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caaront

Where do you find the airport, route, etc, numbers to enter into the FMC

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I followed the tutorial just fine, but just plugged in the numbers that were already there.

 

Say I want to fly into or out of  KDFW where do I find the pertinant numbers for ILS, runway, etc?

 

Thank you.

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What about Aerosoft PFPX?

 

Once you create a flight plan with it, can you just migrate it into the 737?

 

Or do you print it out then manually add everything in?

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What you want is the approach plates, airport diagrams SIDS and STARS etc.

 

As mentioned, you can pay a subscription fee in Navigraph and also get up to date AIRAC cycles for NAVDATA.

 

You can log into Flight Aware and see what route the airlines are flying between two airports. they usually take into account weather avoidance, favorable winds aloft etc. Pretty good if you are flying with Active Sky Next or better.

 

If you don't want to pay, you can go to Airnav.com or Skyvector, and get free charts. Not worldwide though.

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Thank you, still a little lost.

OK you asked about KDFW.   Using skyvector you can view all the airport information charts. Got to the very bottom of the page and you will see them all.  https://skyvector.com/airport/DFW/Dallas-Fort-Worth-International-Airport

What about Aerosoft PFPX?

 

Once you create a flight plan with it, can you just migrate it into the 737?

 

Or do you print it out then manually add everything in?

PFPX is a great program. Thats all I use for planning. But it does not include charts. You need charts to figure out and fly the published procedures! I would highly recommend getting PFPX and Navigraph Charts.   https://www.navigraph.com/charts.aspx

 

Watch this tutorial from froogle. He does a PMDG737 flight using PFPX and Navigraph for planning the flight! https://www.youtube.com/watch?v=45VnTUwN6jk

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I think everyone hit on the most important links, but the importance of AIRNAV can't be stated enough- 
 

However, AIRNAV goes hand in hand with a navigraph subscription. If you put down that much money for the NGX, you really should drop the $30 or whatever it is for a monthly subscription. If you don't the up to date AIRNAV information will just confuse you because it won't match the data within the FMC.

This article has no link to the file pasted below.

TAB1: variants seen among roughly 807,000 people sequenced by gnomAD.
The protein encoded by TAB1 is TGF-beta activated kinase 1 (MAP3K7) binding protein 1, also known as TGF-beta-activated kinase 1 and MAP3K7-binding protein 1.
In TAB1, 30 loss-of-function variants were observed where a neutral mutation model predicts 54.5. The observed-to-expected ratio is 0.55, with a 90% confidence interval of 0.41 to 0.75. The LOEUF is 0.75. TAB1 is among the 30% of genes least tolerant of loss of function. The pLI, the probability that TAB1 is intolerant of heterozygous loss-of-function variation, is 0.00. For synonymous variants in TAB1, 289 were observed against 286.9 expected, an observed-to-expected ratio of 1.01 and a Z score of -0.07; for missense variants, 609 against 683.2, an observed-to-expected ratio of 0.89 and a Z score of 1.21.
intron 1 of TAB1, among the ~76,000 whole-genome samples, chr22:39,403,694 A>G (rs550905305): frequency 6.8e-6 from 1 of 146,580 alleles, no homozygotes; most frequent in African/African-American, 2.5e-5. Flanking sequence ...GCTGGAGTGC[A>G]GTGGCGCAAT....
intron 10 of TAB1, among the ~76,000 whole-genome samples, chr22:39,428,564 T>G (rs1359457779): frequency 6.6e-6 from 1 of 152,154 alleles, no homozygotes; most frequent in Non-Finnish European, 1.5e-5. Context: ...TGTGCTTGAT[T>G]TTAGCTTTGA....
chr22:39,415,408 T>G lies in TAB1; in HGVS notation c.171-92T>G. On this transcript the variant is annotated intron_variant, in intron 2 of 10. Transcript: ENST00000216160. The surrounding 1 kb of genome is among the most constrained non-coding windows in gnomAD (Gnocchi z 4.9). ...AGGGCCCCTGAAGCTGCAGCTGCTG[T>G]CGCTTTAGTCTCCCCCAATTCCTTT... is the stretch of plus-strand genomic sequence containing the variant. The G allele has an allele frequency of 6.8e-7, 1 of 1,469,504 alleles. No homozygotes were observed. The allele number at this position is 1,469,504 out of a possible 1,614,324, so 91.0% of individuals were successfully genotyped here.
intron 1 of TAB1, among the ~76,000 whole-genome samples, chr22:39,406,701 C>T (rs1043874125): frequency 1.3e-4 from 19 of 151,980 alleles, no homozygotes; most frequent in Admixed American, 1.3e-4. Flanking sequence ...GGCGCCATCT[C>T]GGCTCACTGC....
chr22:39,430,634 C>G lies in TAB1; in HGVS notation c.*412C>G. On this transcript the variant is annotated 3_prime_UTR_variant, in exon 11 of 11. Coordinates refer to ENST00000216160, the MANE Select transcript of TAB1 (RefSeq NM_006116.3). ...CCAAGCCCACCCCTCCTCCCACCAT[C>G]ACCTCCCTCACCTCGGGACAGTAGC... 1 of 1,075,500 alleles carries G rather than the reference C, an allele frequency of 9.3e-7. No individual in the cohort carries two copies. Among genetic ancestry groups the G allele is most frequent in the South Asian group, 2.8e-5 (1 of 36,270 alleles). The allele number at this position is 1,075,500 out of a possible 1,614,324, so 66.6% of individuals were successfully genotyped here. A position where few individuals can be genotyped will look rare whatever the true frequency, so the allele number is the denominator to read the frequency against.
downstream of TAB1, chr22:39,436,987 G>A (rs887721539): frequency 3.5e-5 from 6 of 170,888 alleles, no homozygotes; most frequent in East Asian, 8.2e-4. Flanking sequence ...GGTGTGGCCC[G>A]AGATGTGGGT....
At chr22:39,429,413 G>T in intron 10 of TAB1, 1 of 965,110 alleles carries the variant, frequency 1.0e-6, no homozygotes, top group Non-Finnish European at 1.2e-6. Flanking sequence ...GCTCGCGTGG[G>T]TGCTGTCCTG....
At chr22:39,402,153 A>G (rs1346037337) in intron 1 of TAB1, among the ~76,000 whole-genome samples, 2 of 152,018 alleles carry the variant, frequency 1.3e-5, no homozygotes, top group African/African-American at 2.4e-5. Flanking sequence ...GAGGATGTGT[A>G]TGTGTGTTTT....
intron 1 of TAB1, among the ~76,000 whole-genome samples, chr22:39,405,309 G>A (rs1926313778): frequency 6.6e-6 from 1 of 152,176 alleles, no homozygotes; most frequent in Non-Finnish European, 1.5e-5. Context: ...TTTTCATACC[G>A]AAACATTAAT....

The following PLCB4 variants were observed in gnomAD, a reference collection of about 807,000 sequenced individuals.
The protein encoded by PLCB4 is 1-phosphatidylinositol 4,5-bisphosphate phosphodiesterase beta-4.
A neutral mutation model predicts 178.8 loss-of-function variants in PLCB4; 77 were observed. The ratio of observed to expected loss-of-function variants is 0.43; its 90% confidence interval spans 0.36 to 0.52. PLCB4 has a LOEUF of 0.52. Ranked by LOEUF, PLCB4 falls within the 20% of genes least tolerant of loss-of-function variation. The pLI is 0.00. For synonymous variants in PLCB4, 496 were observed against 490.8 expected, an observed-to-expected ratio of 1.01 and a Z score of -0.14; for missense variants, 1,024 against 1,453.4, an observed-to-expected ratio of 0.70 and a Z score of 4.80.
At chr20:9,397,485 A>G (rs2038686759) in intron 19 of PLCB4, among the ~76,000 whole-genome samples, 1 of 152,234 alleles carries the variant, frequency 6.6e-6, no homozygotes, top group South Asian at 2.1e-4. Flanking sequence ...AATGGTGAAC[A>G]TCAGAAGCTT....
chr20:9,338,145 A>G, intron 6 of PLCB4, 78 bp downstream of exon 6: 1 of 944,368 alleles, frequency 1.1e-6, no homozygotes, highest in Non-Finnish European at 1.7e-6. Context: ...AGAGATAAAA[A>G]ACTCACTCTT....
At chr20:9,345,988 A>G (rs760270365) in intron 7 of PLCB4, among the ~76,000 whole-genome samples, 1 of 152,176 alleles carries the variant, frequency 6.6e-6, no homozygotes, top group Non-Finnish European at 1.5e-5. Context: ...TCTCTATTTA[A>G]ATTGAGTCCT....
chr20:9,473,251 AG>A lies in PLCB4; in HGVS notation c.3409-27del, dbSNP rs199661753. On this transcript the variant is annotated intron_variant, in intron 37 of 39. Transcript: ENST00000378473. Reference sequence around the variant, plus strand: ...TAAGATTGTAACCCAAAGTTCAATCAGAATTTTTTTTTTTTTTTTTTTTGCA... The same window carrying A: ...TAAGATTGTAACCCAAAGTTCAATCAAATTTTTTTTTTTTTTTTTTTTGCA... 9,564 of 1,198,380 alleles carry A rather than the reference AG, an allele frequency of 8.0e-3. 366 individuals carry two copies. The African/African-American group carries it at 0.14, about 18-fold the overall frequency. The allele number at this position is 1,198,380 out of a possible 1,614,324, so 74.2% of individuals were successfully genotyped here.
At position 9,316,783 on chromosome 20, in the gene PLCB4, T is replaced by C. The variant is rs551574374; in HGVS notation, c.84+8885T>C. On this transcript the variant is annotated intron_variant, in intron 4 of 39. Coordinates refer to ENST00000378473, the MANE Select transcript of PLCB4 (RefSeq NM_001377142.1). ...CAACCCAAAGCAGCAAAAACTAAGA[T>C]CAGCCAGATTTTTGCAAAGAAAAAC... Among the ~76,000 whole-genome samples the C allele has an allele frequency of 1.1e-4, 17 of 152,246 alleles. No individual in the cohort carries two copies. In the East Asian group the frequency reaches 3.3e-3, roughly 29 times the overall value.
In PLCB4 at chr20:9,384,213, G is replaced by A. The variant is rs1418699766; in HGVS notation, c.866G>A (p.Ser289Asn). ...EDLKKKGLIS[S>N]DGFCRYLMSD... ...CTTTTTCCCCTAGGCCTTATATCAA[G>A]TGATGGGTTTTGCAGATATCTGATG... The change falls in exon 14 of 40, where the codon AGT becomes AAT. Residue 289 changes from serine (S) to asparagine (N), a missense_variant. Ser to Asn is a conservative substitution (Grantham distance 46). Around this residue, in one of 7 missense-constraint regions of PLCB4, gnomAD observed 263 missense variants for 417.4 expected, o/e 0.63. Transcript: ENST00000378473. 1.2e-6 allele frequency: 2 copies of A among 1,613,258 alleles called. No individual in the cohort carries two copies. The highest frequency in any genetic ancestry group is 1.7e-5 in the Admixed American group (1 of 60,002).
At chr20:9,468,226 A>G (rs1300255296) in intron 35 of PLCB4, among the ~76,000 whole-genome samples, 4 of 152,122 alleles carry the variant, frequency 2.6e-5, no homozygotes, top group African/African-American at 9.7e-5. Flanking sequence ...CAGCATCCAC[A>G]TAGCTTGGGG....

The tutorial does a great job introducing you to programming the routes, but you will have to do some extra-curricular activities by learning more about the SIDS, STARS, and route planning.

Kyle Rodgers has some great educational videos that if you search the forums you'll find very helpful. You might want to practice making your own routes as well with the IFR charts available at skyvector... and once you're a bit more up to speed, grabbing those canned routes off flightaware will be clear as a bell. 

I've never tried PFPX, the free SIMBRIEF does a good job picking off canned routes for me, along with a real basic spreadsheet I made up (in conjunction with the FMC) provides fuel planning. 

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Kyle Rodgers has some great educational videos that if you search the forums you'll find very helpful.

 

I wouldn't really listen to that guy. He's kind of an idiot sometimes...

 

 

 


I've never tried PFPX, the free SIMBRIEF does a good job picking off canned routes for me

 

PFPX can do some weird stuff sometimes, but it gets the job done. I usually snag stuff from FlightAware where I can. If not, I'll manually map it out in PFPX. SimBrief is awesome.

 

 

Thank you, still a little lost.

 

It'll take some time. Please ensure that you put your full name - first and last - in your posts in the future. Thanks!

 

 

 

It'll take some time. Please ensure that you put your full name - first and last - in your posts in the future. Thanks!

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If you have the latest Airac from navigraph, you can very easily use flightaware.com,

been using it for years